Yes, basically all of them.
It's mentioned in RFC-1630, which basically just outlined the concept of a URL but didn't really standardise them. Back then, the format was just
<scheme> ":" <path>, and the idea was that every scheme would define its own path format. Still, the
/ and dot components were reserved, which was necessary to have relative references (called "partial URIs" back then. Basically, the string which goes inside of an HTML
<a> tag and lets you refer to pages relative to the current page's location):
The slash ("/", ASCII 2F hex) character is reserved for the
delimiting of substrings whose relationship is hierarchical. This
enables partial forms of the URI. Substrings consisting of single
or double dots ("." or "..") are similarly reserved.
In the context of URI:
the partial URIs would expand as follows:
../g -> magic://a/b/c//d/g
RFC-1738 walked it back a little bit (perhaps unintentionally), by just saying that the path depends on the scheme, but that many schemes (http, ftp, file) can be considered hierarchical and split by
/s. It doesn't explicitly mention
A couple of years later, RFC-2396 came along with a definition for a generic syntax, because having each scheme do its own thing isn't all that helpful. It tightened up a lot of language, specified a lot of operations better, and defined the
.. components in the context of relative references:
Within a relative-path reference, the complete path segments "." and
".." have special meanings: "the current hierarchy level" and "the
level above this hierarchy level", respectively. Although this is
very similar to their use within Unix-based filesystems to indicate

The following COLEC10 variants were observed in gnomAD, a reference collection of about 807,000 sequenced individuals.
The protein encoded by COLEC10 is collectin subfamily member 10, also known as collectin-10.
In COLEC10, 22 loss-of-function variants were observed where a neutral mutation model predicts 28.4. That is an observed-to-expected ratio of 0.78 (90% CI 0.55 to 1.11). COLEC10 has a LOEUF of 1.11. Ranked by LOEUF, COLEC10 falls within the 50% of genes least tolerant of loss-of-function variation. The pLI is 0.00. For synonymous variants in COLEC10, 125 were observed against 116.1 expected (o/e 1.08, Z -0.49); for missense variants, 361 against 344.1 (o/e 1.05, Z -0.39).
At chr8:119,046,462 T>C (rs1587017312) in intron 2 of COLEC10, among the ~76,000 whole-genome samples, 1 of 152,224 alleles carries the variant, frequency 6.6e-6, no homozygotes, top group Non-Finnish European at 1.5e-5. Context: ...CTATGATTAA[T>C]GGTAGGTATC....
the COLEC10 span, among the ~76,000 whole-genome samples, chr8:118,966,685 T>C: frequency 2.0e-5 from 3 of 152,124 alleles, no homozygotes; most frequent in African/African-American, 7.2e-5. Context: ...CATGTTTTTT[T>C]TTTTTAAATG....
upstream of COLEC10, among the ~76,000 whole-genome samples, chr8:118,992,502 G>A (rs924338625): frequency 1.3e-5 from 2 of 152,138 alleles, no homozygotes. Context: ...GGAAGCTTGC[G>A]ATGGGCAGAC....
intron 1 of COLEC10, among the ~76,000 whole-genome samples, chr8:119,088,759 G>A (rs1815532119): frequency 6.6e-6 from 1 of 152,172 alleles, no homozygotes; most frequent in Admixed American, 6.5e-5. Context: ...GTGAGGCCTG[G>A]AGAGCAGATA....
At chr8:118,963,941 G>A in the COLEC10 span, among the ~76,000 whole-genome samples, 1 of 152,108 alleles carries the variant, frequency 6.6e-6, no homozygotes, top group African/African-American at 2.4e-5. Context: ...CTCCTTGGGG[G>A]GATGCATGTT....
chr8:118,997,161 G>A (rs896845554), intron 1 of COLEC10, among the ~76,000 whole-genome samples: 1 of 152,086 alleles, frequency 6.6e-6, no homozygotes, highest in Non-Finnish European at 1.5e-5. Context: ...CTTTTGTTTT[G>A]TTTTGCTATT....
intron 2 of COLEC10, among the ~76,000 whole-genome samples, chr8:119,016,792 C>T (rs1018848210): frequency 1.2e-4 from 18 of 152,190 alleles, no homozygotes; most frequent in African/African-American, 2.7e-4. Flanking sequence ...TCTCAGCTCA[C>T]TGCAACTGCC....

directory levels, these path components are only considered special
when resolving a relative-path reference to its absolute form
Many years after that, we had RFC-3986, which is the latest standard to go through the IETF. Again, the language is a lot better, more specific, and it doesn't just mention ".." components - it describes the algorithm to resolve them and includes many demonstrations.
The path segments "." and "..", also known as dot-segments, are defined for relative reference within the path name hierarchy. They are intended for use at the beginning of a relative-path reference to indicate relative position within the hierarchical tree of names. This is similar to their role within some operating systems' file directory structures to indicate the current directory and parent directory, respectively. However, unlike in a file system, these dot-segments are only interpreted within the URI path hierarchy and are removed as part of the resolution process
It's also part of the WHATWG URL Standard, where even percent-encoded
.. components are interpreted, and the resolution algorithm includes some Windows drive letter quirks on all platforms when parsing
That being said, no URL specification defines what a particular library's APIs should do. Foundation invented the
.standardized property, and it is their responsibility to document what it does. Currently, that documentation is quite poor - it is literally a single line:
A version of the URL with any instances of “..” or “.” removed from its path.
Even this is ambiguous - are those components removed (i.e. deleted), or is the path resolved? If the path is resolved,
.. components may also remove other components.
Looking at the implementation in corelibs-foundation: as I suspected, it only considers the relative reference. In Foundation's model, the URL is actually the result of lazily resolving the relative part against the base URL, even though they are stored separately. A function like
standardized should not change behaviour based on whether the URL is a relative reference on top of a base URL, or just an absolute URL with no base.
These kinds of issues come up relatively often, and are why
WebURL uses an entirely different object model. All WebURLs are absolute, and the result of resolving a relative reference against one is another absolute URL. It has no need for properties such as
absoluteURL, which change the internal representation, or
standardized, and if you turn the URL in to a string and re-parse it, the result is exactly the same URL - the same string, interpreted in exactly the same way, with exactly the same behaviour from all APIs.
let url = WebURL("https://www.apple.com/iphone/")!.resolve("compare/../../mac")!
print(url) // https://www.apple.com/mac